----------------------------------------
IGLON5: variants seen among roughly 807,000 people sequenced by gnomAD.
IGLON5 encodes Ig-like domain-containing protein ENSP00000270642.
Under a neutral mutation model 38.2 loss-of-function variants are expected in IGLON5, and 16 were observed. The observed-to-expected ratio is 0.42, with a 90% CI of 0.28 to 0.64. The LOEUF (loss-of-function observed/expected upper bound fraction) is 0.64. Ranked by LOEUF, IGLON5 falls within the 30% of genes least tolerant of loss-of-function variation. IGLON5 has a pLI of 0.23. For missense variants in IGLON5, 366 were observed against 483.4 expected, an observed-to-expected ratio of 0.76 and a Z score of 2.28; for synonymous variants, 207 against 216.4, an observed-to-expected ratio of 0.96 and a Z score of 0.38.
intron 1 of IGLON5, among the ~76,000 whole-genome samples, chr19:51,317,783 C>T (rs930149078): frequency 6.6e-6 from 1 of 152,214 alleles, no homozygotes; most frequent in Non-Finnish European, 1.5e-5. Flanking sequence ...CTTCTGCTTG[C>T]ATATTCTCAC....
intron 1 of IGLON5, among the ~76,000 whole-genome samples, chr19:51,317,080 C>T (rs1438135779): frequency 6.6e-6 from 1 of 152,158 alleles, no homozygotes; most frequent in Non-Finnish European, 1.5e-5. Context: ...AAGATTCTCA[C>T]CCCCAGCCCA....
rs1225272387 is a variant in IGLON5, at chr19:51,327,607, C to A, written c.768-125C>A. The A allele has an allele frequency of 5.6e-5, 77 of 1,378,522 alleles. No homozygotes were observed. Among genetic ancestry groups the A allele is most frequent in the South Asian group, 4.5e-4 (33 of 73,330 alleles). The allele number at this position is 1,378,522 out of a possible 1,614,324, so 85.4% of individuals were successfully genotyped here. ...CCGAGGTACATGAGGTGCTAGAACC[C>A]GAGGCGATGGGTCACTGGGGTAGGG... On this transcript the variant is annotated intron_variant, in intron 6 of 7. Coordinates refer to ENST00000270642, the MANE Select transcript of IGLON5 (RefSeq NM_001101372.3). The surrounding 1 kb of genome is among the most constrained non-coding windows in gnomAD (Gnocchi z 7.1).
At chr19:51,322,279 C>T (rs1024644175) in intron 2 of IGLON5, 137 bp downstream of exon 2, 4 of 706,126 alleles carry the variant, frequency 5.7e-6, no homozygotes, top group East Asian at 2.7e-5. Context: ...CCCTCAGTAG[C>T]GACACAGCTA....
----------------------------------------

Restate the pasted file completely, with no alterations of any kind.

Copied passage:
IGLON5: variants seen among roughly 807,000 people sequenced by gnomAD.
IGLON5 encodes Ig-like domain-containing protein ENSP00000270642.
Under a neutral mutation model 38.2 loss-of-function variants are expected in IGLON5, and 16 were observed. The observed-to-expected ratio is 0.42, with a 90% CI of 0.28 to 0.64. The LOEUF (loss-of-function observed/expected upper bound fraction) is 0.64. Ranked by LOEUF, IGLON5 falls within the 30% of genes least tolerant of loss-of-function variation. IGLON5 has a pLI of 0.23. For missense variants in IGLON5, 366 were observed against 483.4 expected, an observed-to-expected ratio of 0.76 and a Z score of 2.28; for synonymous variants, 207 against 216.4, an observed-to-expected ratio of 0.96 and a Z score of 0.38.
intron 1 of IGLON5, among the ~76,000 whole-genome samples, chr19:51,317,783 C>T (rs930149078): frequency 6.6e-6 from 1 of 152,214 alleles, no homozygotes; most frequent in Non-Finnish European, 1.5e-5. Flanking sequence ...CTTCTGCTTG[C>T]ATATTCTCAC....
intron 1 of IGLON5, among the ~76,000 whole-genome samples, chr19:51,317,080 C>T (rs1438135779): frequency 6.6e-6 from 1 of 152,158 alleles, no homozygotes; most frequent in Non-Finnish European, 1.5e-5. Context: ...AAGATTCTCA[C>T]CCCCAGCCCA....
rs1225272387 is a variant in IGLON5, at chr19:51,327,607, C to A, written c.768-125C>A. The A allele has an allele frequency of 5.6e-5, 77 of 1,378,522 alleles. No homozygotes were observed. Among genetic ancestry groups the A allele is most frequent in the South Asian group, 4.5e-4 (33 of 73,330 alleles). The allele number at this position is 1,378,522 out of a possible 1,614,324, so 85.4% of individuals were successfully genotyped here. ...CCGAGGTACATGAGGTGCTAGAACC[C>A]GAGGCGATGGGTCACTGGGGTAGGG... On this transcript the variant is annotated intron_variant, in intron 6 of 7. Coordinates refer to ENST00000270642, the MANE Select transcript of IGLON5 (RefSeq NM_001101372.3). The surrounding 1 kb of genome is among the most constrained non-coding windows in gnomAD (Gnocchi z 7.1).
At chr19:51,322,279 C>T (rs1024644175) in intron 2 of IGLON5, 137 bp downstream of exon 2, 4 of 706,126 alleles carry the variant, frequency 5.7e-6, no homozygotes, top group East Asian at 2.7e-5. Context: ...CCCTCAGTAG[C>T]GACACAGCTA....